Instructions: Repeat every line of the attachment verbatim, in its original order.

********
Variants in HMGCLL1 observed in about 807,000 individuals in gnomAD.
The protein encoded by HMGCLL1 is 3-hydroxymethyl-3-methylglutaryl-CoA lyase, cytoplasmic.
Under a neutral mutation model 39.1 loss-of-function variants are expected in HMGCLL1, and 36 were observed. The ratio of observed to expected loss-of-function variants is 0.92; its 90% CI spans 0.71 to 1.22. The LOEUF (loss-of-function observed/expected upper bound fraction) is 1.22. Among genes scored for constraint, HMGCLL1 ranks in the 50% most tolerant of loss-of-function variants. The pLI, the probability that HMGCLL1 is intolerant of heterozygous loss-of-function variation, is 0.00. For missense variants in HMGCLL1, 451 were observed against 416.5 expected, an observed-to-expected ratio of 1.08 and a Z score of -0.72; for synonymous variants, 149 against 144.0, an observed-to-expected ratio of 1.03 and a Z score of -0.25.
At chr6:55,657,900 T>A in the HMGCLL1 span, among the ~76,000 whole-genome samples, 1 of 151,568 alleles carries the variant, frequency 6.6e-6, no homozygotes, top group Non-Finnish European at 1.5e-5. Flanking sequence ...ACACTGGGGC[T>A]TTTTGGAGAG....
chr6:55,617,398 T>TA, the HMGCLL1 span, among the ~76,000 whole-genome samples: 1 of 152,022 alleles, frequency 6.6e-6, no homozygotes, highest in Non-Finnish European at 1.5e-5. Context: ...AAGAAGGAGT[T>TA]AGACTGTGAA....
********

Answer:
Variants in HMGCLL1 observed in about 807,000 individuals in gnomAD.
The protein encoded by HMGCLL1 is 3-hydroxymethyl-3-methylglutaryl-CoA lyase, cytoplasmic.
Under a neutral mutation model 39.1 loss-of-function variants are expected in HMGCLL1, and 36 were observed. The ratio of observed to expected loss-of-function variants is 0.92; its 90% CI spans 0.71 to 1.22. The LOEUF (loss-of-function observed/expected upper bound fraction) is 1.22. Among genes scored for constraint, HMGCLL1 ranks in the 50% most tolerant of loss-of-function variants. The pLI, the probability that HMGCLL1 is intolerant of heterozygous loss-of-function variation, is 0.00. For missense variants in HMGCLL1, 451 were observed against 416.5 expected, an observed-to-expected ratio of 1.08 and a Z score of -0.72; for synonymous variants, 149 against 144.0, an observed-to-expected ratio of 1.03 and a Z score of -0.25.
At chr6:55,657,900 T>A in the HMGCLL1 span, among the ~76,000 whole-genome samples, 1 of 151,568 alleles carries the variant, frequency 6.6e-6, no homozygotes, top group Non-Finnish European at 1.5e-5. Flanking sequence ...ACACTGGGGC[T>A]TTTTGGAGAG....
chr6:55,617,398 T>TA, the HMGCLL1 span, among the ~76,000 whole-genome samples: 1 of 152,022 alleles, frequency 6.6e-6, no homozygotes, highest in Non-Finnish European at 1.5e-5. Context: ...AAGAAGGAGT[T>TA]AGACTGTGAA....